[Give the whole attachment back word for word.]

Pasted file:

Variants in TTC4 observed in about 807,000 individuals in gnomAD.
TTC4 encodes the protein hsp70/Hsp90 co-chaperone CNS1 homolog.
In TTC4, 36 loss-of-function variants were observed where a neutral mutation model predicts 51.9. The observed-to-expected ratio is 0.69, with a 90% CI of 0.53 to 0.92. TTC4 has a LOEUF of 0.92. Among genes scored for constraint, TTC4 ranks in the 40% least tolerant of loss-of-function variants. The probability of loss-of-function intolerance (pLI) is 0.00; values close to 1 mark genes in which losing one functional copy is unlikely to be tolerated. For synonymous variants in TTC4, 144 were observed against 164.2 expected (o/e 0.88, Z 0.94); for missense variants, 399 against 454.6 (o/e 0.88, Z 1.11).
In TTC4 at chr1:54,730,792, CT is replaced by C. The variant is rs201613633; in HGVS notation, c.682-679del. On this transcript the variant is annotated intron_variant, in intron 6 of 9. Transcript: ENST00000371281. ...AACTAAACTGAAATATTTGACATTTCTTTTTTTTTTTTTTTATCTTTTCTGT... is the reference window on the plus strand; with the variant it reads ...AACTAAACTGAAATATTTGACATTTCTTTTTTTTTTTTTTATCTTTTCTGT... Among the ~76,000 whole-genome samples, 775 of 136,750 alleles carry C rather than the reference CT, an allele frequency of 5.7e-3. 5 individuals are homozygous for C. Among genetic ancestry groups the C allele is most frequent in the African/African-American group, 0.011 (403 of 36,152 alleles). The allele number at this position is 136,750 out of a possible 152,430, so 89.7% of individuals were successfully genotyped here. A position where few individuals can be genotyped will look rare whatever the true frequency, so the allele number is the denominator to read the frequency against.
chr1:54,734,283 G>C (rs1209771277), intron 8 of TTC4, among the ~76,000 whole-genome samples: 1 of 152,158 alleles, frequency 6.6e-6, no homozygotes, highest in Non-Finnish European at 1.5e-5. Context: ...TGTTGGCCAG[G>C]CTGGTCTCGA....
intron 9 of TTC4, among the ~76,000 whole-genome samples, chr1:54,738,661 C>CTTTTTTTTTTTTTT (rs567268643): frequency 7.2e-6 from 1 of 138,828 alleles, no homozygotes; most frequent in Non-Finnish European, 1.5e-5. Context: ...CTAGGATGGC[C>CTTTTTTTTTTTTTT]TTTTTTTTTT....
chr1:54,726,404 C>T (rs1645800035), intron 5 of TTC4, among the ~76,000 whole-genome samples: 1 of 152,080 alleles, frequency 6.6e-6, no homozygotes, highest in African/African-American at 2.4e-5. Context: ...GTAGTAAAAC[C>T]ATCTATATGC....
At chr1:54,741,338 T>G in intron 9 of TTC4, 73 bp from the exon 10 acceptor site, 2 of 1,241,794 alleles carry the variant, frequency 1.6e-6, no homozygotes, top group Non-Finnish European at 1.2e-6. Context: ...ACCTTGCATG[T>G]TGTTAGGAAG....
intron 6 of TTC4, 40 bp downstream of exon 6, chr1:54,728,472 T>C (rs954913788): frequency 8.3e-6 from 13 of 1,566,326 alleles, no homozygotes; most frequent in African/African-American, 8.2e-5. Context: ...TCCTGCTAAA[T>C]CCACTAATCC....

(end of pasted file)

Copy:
Variants in TTC4 observed in about 807,000 individuals in gnomAD.
TTC4 encodes the protein hsp70/Hsp90 co-chaperone CNS1 homolog.
In TTC4, 36 loss-of-function variants were observed where a neutral mutation model predicts 51.9. The observed-to-expected ratio is 0.69, with a 90% CI of 0.53 to 0.92. TTC4 has a LOEUF of 0.92. Among genes scored for constraint, TTC4 ranks in the 40% least tolerant of loss-of-function variants. The probability of loss-of-function intolerance (pLI) is 0.00; values close to 1 mark genes in which losing one functional copy is unlikely to be tolerated. For synonymous variants in TTC4, 144 were observed against 164.2 expected (o/e 0.88, Z 0.94); for missense variants, 399 against 454.6 (o/e 0.88, Z 1.11).
In TTC4 at chr1:54,730,792, CT is replaced by C. The variant is rs201613633; in HGVS notation, c.682-679del. On this transcript the variant is annotated intron_variant, in intron 6 of 9. Transcript: ENST00000371281. ...AACTAAACTGAAATATTTGACATTTCTTTTTTTTTTTTTTTATCTTTTCTGT... is the reference window on the plus strand; with the variant it reads ...AACTAAACTGAAATATTTGACATTTCTTTTTTTTTTTTTTATCTTTTCTGT... Among the ~76,000 whole-genome samples, 775 of 136,750 alleles carry C rather than the reference CT, an allele frequency of 5.7e-3. 5 individuals are homozygous for C. Among genetic ancestry groups the C allele is most frequent in the African/African-American group, 0.011 (403 of 36,152 alleles). The allele number at this position is 136,750 out of a possible 152,430, so 89.7% of individuals were successfully genotyped here. A position where few individuals can be genotyped will look rare whatever the true frequency, so the allele number is the denominator to read the frequency against.
chr1:54,734,283 G>C (rs1209771277), intron 8 of TTC4, among the ~76,000 whole-genome samples: 1 of 152,158 alleles, frequency 6.6e-6, no homozygotes, highest in Non-Finnish European at 1.5e-5. Context: ...TGTTGGCCAG[G>C]CTGGTCTCGA....
intron 9 of TTC4, among the ~76,000 whole-genome samples, chr1:54,738,661 C>CTTTTTTTTTTTTTT (rs567268643): frequency 7.2e-6 from 1 of 138,828 alleles, no homozygotes; most frequent in Non-Finnish European, 1.5e-5. Context: ...CTAGGATGGC[C>CTTTTTTTTTTTTTT]TTTTTTTTTT....
chr1:54,726,404 C>T (rs1645800035), intron 5 of TTC4, among the ~76,000 whole-genome samples: 1 of 152,080 alleles, frequency 6.6e-6, no homozygotes, highest in African/African-American at 2.4e-5. Context: ...GTAGTAAAAC[C>T]ATCTATATGC....
At chr1:54,741,338 T>G in intron 9 of TTC4, 73 bp from the exon 10 acceptor site, 2 of 1,241,794 alleles carry the variant, frequency 1.6e-6, no homozygotes, top group Non-Finnish European at 1.2e-6. Context: ...ACCTTGCATG[T>G]TGTTAGGAAG....
intron 6 of TTC4, 40 bp downstream of exon 6, chr1:54,728,472 T>C (rs954913788): frequency 8.3e-6 from 13 of 1,566,326 alleles, no homozygotes; most frequent in African/African-American, 8.2e-5. Context: ...TCCTGCTAAA[T>C]CCACTAATCC....